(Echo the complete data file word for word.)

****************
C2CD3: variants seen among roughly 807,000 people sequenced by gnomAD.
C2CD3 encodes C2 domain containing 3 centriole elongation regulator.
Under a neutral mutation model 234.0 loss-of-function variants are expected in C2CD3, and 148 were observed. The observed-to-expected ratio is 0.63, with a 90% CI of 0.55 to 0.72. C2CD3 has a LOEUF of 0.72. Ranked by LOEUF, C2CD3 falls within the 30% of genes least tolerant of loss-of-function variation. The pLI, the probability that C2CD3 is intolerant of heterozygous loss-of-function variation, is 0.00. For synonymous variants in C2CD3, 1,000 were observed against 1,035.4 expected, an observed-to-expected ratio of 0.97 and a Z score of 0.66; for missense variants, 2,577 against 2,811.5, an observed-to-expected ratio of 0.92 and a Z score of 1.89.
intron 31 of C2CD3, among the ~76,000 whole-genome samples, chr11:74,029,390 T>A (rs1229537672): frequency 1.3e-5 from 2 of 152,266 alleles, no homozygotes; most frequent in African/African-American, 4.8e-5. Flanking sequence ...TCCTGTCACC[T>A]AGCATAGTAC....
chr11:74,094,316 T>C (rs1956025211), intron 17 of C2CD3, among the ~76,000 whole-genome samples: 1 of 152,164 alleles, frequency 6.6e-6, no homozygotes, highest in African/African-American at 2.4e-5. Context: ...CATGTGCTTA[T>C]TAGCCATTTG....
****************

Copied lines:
C2CD3: variants seen among roughly 807,000 people sequenced by gnomAD.
C2CD3 encodes C2 domain containing 3 centriole elongation regulator.
Under a neutral mutation model 234.0 loss-of-function variants are expected in C2CD3, and 148 were observed. The observed-to-expected ratio is 0.63, with a 90% CI of 0.55 to 0.72. C2CD3 has a LOEUF of 0.72. Ranked by LOEUF, C2CD3 falls within the 30% of genes least tolerant of loss-of-function variation. The pLI, the probability that C2CD3 is intolerant of heterozygous loss-of-function variation, is 0.00. For synonymous variants in C2CD3, 1,000 were observed against 1,035.4 expected, an observed-to-expected ratio of 0.97 and a Z score of 0.66; for missense variants, 2,577 against 2,811.5, an observed-to-expected ratio of 0.92 and a Z score of 1.89.
intron 31 of C2CD3, among the ~76,000 whole-genome samples, chr11:74,029,390 T>A (rs1229537672): frequency 1.3e-5 from 2 of 152,266 alleles, no homozygotes; most frequent in African/African-American, 4.8e-5. Flanking sequence ...TCCTGTCACC[T>A]AGCATAGTAC....
chr11:74,094,316 T>C (rs1956025211), intron 17 of C2CD3, among the ~76,000 whole-genome samples: 1 of 152,164 alleles, frequency 6.6e-6, no homozygotes, highest in African/African-American at 2.4e-5. Context: ...CATGTGCTTA[T>C]TAGCCATTTG....